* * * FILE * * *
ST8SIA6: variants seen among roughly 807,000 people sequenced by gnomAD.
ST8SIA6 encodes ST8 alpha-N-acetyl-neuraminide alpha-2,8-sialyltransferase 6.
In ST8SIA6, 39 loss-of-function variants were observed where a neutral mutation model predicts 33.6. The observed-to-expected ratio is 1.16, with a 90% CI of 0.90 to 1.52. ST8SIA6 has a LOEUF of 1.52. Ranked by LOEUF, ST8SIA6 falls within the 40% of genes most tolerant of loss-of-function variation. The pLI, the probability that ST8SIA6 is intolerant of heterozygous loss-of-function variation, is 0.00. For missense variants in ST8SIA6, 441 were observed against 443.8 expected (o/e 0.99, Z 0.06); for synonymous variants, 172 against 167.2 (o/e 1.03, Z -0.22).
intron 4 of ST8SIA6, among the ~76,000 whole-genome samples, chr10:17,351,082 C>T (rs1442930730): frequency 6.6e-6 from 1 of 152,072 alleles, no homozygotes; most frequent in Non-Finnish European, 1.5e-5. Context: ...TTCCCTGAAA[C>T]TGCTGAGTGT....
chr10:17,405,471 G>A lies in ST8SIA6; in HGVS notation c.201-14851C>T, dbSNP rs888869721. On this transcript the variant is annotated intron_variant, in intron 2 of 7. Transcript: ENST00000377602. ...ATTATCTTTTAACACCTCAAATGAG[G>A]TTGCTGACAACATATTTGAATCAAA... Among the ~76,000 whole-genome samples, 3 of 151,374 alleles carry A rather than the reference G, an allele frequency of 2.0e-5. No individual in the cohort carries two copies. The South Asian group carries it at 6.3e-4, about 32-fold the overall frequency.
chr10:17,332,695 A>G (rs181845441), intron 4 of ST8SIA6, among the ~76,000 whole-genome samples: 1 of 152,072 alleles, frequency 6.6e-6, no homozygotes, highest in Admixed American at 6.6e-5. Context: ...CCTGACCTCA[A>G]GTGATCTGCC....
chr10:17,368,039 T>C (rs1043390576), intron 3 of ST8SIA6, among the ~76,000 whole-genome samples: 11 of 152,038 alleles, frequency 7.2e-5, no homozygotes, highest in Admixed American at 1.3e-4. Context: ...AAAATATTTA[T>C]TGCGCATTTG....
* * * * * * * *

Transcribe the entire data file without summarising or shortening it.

ST8SIA6: variants seen among roughly 807,000 people sequenced by gnomAD.
ST8SIA6 encodes ST8 alpha-N-acetyl-neuraminide alpha-2,8-sialyltransferase 6.
In ST8SIA6, 39 loss-of-function variants were observed where a neutral mutation model predicts 33.6. The observed-to-expected ratio is 1.16, with a 90% CI of 0.90 to 1.52. ST8SIA6 has a LOEUF of 1.52. Ranked by LOEUF, ST8SIA6 falls within the 40% of genes most tolerant of loss-of-function variation. The pLI, the probability that ST8SIA6 is intolerant of heterozygous loss-of-function variation, is 0.00. For missense variants in ST8SIA6, 441 were observed against 443.8 expected (o/e 0.99, Z 0.06); for synonymous variants, 172 against 167.2 (o/e 1.03, Z -0.22).
intron 4 of ST8SIA6, among the ~76,000 whole-genome samples, chr10:17,351,082 C>T (rs1442930730): frequency 6.6e-6 from 1 of 152,072 alleles, no homozygotes; most frequent in Non-Finnish European, 1.5e-5. Context: ...TTCCCTGAAA[C>T]TGCTGAGTGT....
chr10:17,405,471 G>A lies in ST8SIA6; in HGVS notation c.201-14851C>T, dbSNP rs888869721. On this transcript the variant is annotated intron_variant, in intron 2 of 7. Transcript: ENST00000377602. ...ATTATCTTTTAACACCTCAAATGAG[G>A]TTGCTGACAACATATTTGAATCAAA... Among the ~76,000 whole-genome samples, 3 of 151,374 alleles carry A rather than the reference G, an allele frequency of 2.0e-5. No individual in the cohort carries two copies. The South Asian group carries it at 6.3e-4, about 32-fold the overall frequency.
chr10:17,332,695 A>G (rs181845441), intron 4 of ST8SIA6, among the ~76,000 whole-genome samples: 1 of 152,072 alleles, frequency 6.6e-6, no homozygotes, highest in Admixed American at 6.6e-5. Context: ...CCTGACCTCA[A>G]GTGATCTGCC....
chr10:17,368,039 T>C (rs1043390576), intron 3 of ST8SIA6, among the ~76,000 whole-genome samples: 11 of 152,038 alleles, frequency 7.2e-5, no homozygotes, highest in Admixed American at 1.3e-4. Context: ...AAAATATTTA[T>C]TGCGCATTTG....